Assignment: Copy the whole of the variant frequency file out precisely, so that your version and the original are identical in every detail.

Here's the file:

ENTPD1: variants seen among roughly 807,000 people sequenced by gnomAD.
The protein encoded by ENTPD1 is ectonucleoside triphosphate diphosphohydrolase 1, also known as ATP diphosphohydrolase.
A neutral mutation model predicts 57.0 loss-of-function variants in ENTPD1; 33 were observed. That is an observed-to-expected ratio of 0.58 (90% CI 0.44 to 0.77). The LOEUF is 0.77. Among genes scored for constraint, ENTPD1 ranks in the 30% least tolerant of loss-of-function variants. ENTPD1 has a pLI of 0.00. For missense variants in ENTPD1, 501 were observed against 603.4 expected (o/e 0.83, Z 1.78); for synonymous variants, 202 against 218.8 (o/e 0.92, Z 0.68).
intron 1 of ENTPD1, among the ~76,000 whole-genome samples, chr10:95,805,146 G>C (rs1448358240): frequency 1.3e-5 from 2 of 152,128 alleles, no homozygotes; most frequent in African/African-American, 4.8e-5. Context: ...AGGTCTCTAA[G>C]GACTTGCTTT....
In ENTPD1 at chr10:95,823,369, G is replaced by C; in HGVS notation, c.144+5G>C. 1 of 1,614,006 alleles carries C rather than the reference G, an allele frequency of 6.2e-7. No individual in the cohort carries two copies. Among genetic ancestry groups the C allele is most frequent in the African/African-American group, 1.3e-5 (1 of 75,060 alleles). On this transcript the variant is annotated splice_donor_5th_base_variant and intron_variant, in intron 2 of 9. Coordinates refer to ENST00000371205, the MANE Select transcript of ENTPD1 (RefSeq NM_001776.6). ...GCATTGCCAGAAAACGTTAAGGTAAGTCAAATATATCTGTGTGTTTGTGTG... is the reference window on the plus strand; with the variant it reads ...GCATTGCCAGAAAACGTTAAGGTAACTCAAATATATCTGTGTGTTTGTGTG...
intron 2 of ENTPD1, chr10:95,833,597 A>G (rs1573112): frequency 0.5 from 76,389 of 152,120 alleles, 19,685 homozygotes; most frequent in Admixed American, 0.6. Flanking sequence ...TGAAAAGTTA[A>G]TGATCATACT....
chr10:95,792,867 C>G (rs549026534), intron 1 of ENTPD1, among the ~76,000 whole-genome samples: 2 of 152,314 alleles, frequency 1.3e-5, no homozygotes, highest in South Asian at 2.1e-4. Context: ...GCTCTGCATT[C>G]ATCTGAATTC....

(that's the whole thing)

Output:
ENTPD1: variants seen among roughly 807,000 people sequenced by gnomAD.
The protein encoded by ENTPD1 is ectonucleoside triphosphate diphosphohydrolase 1, also known as ATP diphosphohydrolase.
A neutral mutation model predicts 57.0 loss-of-function variants in ENTPD1; 33 were observed. That is an observed-to-expected ratio of 0.58 (90% CI 0.44 to 0.77). The LOEUF is 0.77. Among genes scored for constraint, ENTPD1 ranks in the 30% least tolerant of loss-of-function variants. ENTPD1 has a pLI of 0.00. For missense variants in ENTPD1, 501 were observed against 603.4 expected (o/e 0.83, Z 1.78); for synonymous variants, 202 against 218.8 (o/e 0.92, Z 0.68).
intron 1 of ENTPD1, among the ~76,000 whole-genome samples, chr10:95,805,146 G>C (rs1448358240): frequency 1.3e-5 from 2 of 152,128 alleles, no homozygotes; most frequent in African/African-American, 4.8e-5. Context: ...AGGTCTCTAA[G>C]GACTTGCTTT....
In ENTPD1 at chr10:95,823,369, G is replaced by C; in HGVS notation, c.144+5G>C. 1 of 1,614,006 alleles carries C rather than the reference G, an allele frequency of 6.2e-7. No individual in the cohort carries two copies. Among genetic ancestry groups the C allele is most frequent in the African/African-American group, 1.3e-5 (1 of 75,060 alleles). On this transcript the variant is annotated splice_donor_5th_base_variant and intron_variant, in intron 2 of 9. Coordinates refer to ENST00000371205, the MANE Select transcript of ENTPD1 (RefSeq NM_001776.6). ...GCATTGCCAGAAAACGTTAAGGTAAGTCAAATATATCTGTGTGTTTGTGTG... is the reference window on the plus strand; with the variant it reads ...GCATTGCCAGAAAACGTTAAGGTAACTCAAATATATCTGTGTGTTTGTGTG...
intron 2 of ENTPD1, chr10:95,833,597 A>G (rs1573112): frequency 0.5 from 76,389 of 152,120 alleles, 19,685 homozygotes; most frequent in Admixed American, 0.6. Flanking sequence ...TGAAAAGTTA[A>G]TGATCATACT....
chr10:95,792,867 C>G (rs549026534), intron 1 of ENTPD1, among the ~76,000 whole-genome samples: 2 of 152,314 alleles, frequency 1.3e-5, no homozygotes, highest in South Asian at 2.1e-4. Context: ...GCTCTGCATT[C>G]ATCTGAATTC....